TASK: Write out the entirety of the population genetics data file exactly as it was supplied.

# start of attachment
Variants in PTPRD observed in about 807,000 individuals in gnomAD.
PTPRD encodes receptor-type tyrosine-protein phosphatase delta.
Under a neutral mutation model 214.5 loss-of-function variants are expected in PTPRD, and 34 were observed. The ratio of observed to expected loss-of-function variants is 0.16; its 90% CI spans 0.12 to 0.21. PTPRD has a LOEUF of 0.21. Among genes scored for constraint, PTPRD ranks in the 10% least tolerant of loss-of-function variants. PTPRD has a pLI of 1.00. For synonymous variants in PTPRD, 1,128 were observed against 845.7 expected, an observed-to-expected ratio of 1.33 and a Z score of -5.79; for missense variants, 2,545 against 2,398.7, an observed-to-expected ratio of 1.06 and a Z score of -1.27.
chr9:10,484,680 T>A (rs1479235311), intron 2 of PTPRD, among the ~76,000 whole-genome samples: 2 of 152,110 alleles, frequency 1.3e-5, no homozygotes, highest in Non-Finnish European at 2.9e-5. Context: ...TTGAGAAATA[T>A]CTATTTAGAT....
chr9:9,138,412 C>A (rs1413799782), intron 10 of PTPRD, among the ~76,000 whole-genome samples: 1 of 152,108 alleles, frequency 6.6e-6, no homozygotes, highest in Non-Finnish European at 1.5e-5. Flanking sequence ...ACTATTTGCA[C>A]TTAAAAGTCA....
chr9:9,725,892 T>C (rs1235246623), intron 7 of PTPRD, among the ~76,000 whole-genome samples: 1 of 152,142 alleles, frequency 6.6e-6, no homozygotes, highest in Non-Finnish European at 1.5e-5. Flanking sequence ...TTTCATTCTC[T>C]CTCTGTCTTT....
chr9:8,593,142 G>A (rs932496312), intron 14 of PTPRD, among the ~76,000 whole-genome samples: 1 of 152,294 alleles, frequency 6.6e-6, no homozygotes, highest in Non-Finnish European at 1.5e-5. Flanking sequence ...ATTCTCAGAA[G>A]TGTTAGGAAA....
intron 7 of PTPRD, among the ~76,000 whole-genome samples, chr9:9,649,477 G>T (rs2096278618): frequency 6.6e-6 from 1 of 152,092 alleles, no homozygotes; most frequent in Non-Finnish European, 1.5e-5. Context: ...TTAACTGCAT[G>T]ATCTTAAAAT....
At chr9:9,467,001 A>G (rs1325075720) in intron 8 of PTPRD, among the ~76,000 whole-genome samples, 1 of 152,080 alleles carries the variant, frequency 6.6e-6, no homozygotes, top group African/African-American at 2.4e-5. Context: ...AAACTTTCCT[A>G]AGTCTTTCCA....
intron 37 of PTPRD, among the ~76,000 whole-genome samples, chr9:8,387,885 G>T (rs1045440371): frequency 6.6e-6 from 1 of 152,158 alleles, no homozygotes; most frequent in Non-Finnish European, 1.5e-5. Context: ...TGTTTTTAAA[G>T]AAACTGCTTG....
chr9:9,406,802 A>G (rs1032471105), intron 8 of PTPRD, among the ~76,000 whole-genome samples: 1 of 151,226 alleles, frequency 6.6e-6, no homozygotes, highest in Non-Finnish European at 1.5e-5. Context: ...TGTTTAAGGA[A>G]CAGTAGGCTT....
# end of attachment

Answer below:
Variants in PTPRD observed in about 807,000 individuals in gnomAD.
PTPRD encodes receptor-type tyrosine-protein phosphatase delta.
Under a neutral mutation model 214.5 loss-of-function variants are expected in PTPRD, and 34 were observed. The ratio of observed to expected loss-of-function variants is 0.16; its 90% CI spans 0.12 to 0.21. PTPRD has a LOEUF of 0.21. Among genes scored for constraint, PTPRD ranks in the 10% least tolerant of loss-of-function variants. PTPRD has a pLI of 1.00. For synonymous variants in PTPRD, 1,128 were observed against 845.7 expected, an observed-to-expected ratio of 1.33 and a Z score of -5.79; for missense variants, 2,545 against 2,398.7, an observed-to-expected ratio of 1.06 and a Z score of -1.27.
chr9:10,484,680 T>A (rs1479235311), intron 2 of PTPRD, among the ~76,000 whole-genome samples: 2 of 152,110 alleles, frequency 1.3e-5, no homozygotes, highest in Non-Finnish European at 2.9e-5. Context: ...TTGAGAAATA[T>A]CTATTTAGAT....
chr9:9,138,412 C>A (rs1413799782), intron 10 of PTPRD, among the ~76,000 whole-genome samples: 1 of 152,108 alleles, frequency 6.6e-6, no homozygotes, highest in Non-Finnish European at 1.5e-5. Flanking sequence ...ACTATTTGCA[C>A]TTAAAAGTCA....
chr9:9,725,892 T>C (rs1235246623), intron 7 of PTPRD, among the ~76,000 whole-genome samples: 1 of 152,142 alleles, frequency 6.6e-6, no homozygotes, highest in Non-Finnish European at 1.5e-5. Flanking sequence ...TTTCATTCTC[T>C]CTCTGTCTTT....
chr9:8,593,142 G>A (rs932496312), intron 14 of PTPRD, among the ~76,000 whole-genome samples: 1 of 152,294 alleles, frequency 6.6e-6, no homozygotes, highest in Non-Finnish European at 1.5e-5. Flanking sequence ...ATTCTCAGAA[G>A]TGTTAGGAAA....
intron 7 of PTPRD, among the ~76,000 whole-genome samples, chr9:9,649,477 G>T (rs2096278618): frequency 6.6e-6 from 1 of 152,092 alleles, no homozygotes; most frequent in Non-Finnish European, 1.5e-5. Context: ...TTAACTGCAT[G>T]ATCTTAAAAT....
At chr9:9,467,001 A>G (rs1325075720) in intron 8 of PTPRD, among the ~76,000 whole-genome samples, 1 of 152,080 alleles carries the variant, frequency 6.6e-6, no homozygotes, top group African/African-American at 2.4e-5. Context: ...AAACTTTCCT[A>G]AGTCTTTCCA....
intron 37 of PTPRD, among the ~76,000 whole-genome samples, chr9:8,387,885 G>T (rs1045440371): frequency 6.6e-6 from 1 of 152,158 alleles, no homozygotes; most frequent in Non-Finnish European, 1.5e-5. Context: ...TGTTTTTAAA[G>T]AAACTGCTTG....
chr9:9,406,802 A>G (rs1032471105), intron 8 of PTPRD, among the ~76,000 whole-genome samples: 1 of 151,226 alleles, frequency 6.6e-6, no homozygotes, highest in Non-Finnish European at 1.5e-5. Context: ...TGTTTAAGGA[A>G]CAGTAGGCTT....